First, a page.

How to Get the Best Internet for Gaming
Our experts have researched internet service for years, and they’ve got the answers to all your gaming internet questions.
What is a good internet speed for gaming?
We recommend at least 100 Mbps download speeds for online gaming. But good internet speed isn’t necessarily the only thing you’ll need for a smooth gaming session.
Read on to learn how internet speed, latency, jitter, packet loss, and internet connectivity affect your video game experience. Or, if you prefer to skip all the technical jargon, head over to our review of the best internet providers for gaming.
Conventional wisdom might lead you to believe slow internet speeds are the cause of all your gaming problems. In reality, the only time gaming requires something faster than your average broadband internet (25–50 Mbps) is when you’re downloading a new game or update.
Even a fast-paced video game like Apex Legends requires only a 512 Kbps internet connection. But at the same time, internet speeds still matter if you’re not the only one who needs the internet.
Think about download speeds like a birthday cake: splitting a 50 Mbps internet connection between two people means you both get a generous share, but when your household has five or ten people taking video calls or watching movies, your slice of cake will be split and split until it’s a pile of crumbs.
We’d suggest at least a 50 Mbps internet connection if you’re getting internet for yourself. For larger households and families, upgrade to plans with a minimum download speed of at least 150 Mbps. With faster download speeds, your home internet can easily support more Zoom calls or Netflix sessions without running into performance issues.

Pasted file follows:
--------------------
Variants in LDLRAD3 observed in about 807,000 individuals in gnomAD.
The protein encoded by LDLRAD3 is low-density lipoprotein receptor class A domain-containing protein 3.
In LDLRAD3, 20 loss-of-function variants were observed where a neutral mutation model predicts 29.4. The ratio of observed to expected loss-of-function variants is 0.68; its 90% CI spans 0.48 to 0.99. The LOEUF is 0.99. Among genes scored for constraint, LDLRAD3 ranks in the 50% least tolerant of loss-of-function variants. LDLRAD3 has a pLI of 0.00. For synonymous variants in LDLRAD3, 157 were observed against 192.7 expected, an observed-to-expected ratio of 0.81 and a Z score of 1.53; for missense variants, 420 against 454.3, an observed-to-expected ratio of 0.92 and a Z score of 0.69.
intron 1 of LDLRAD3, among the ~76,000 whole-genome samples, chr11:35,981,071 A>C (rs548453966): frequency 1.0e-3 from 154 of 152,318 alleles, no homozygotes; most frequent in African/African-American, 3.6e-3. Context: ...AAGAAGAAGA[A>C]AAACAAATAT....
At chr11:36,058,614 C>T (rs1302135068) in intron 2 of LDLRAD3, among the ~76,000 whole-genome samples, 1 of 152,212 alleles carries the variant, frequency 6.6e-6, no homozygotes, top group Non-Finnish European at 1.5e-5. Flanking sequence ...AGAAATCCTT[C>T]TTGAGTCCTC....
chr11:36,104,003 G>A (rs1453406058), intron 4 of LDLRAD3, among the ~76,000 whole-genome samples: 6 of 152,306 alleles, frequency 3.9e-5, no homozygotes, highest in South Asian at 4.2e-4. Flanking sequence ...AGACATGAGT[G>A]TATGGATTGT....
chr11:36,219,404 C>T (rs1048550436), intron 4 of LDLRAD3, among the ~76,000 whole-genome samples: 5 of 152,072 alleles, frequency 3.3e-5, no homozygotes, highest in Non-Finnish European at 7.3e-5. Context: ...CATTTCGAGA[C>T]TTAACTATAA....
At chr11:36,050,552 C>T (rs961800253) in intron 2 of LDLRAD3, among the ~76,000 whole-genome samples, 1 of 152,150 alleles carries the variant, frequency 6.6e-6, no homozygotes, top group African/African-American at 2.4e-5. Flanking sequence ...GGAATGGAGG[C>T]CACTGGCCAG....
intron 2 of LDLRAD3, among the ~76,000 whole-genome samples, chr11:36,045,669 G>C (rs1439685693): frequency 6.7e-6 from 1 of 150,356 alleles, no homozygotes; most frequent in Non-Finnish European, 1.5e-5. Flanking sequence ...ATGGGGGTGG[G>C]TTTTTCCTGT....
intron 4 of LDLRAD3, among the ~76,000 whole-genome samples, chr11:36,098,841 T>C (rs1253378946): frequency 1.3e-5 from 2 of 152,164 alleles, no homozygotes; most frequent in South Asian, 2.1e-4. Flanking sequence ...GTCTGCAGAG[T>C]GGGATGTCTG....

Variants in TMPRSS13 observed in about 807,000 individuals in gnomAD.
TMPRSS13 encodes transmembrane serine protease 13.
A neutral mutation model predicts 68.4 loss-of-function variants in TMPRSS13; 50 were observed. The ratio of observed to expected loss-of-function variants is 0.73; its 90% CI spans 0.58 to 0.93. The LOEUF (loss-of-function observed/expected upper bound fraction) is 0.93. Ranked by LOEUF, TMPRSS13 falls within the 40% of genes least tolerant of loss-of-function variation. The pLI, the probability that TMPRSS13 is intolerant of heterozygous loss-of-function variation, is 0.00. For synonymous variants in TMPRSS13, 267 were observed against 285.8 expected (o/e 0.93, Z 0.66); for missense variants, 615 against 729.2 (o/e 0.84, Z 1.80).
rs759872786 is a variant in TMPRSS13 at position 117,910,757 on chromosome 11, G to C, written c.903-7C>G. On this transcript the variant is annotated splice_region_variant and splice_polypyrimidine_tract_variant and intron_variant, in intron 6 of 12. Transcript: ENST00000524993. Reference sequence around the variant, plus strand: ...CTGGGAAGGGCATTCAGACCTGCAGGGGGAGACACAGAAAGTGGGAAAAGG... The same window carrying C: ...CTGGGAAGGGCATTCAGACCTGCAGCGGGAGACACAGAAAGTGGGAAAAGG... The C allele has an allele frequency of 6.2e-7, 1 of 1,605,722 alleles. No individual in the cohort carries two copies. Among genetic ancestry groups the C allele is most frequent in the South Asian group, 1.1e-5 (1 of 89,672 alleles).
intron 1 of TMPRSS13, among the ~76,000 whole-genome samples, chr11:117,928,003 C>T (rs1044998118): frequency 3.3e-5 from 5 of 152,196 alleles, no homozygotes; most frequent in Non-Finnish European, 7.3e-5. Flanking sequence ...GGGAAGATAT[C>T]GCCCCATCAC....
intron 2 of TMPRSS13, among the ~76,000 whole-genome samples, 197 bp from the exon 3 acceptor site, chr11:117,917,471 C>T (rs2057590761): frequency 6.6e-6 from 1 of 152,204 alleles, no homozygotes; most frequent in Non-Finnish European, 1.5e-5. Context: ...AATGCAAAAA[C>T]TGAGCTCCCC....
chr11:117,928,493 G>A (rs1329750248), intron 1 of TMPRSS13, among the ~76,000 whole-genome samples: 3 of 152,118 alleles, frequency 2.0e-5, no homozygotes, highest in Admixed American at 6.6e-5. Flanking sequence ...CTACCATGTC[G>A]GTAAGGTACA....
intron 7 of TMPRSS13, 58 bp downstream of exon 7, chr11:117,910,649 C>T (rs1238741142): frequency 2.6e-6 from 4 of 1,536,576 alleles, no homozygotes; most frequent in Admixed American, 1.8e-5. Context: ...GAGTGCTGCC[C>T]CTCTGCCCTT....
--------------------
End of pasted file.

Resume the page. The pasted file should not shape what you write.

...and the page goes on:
But even if you have a fast internet plan, it’s no guarantee that you’ll have a smooth gaming experience. Latency, jitter, and packet loss are equally important factors to consider for online gaming.
Your internet plan’s upload speed isn’t incredibly important for online gaming. Most online games need upload speeds of only 1 Mbps to properly run.
But if you’re regularly streaming games on Twitch or coordinating strategy on a Discord server with friends, you’ll get your money’s worth from a plan with fast upload speeds. In either case, we’d recommend an internet plan with a minimum upload speed of 5–10 Mbps.
Boring definition: Latency measures round-trip time (RTT), or how long it takes for a packet (bundle of information) to get from your device to the internet network, then back to your device. A program called ping can measure your latency, which is usually expressed in microseconds (ms).
Make sense? No?
Well, let’s break down the jargon. Hold onto your ergonomic gaming chair—it’s analogy time:
- You’re playing ping-pong with a friend.
- Your ping-pong ball is a packet, holding the data of that no-scope headshot you just took in Fortnite.
- The time it takes for your ball to get from you to your friend and back to you is latency.
Ping rate vs. latency vs. download speed
Latency, which is measured using ping rate, is different from download speed. The former measures the time it takes data to travel back and forth, while the latter measures how much data your internet can download at once.
Think of a 100 Mbps download speed as your friend serving back a wave of 100 ping-pong balls at once, instead of just the one with the results of your headshot. Super cool, but not vital to your Fortnite performance.
Ideally, your RTT latency will be as close to 0 ms as possible. Any speed under 100 ms is okay, and under 40 ms is excellent. Too long, and your opponent will have escaped unscathed before the network can process your perfect headshot.
Best ping rates for gaming
|Ping rate||Gaming experience|
|1–40 ms||Excellent and lag-free|
|40–100 ms||Decent, but there’ll be some lag|
|100+ ms||Poor with significant lag|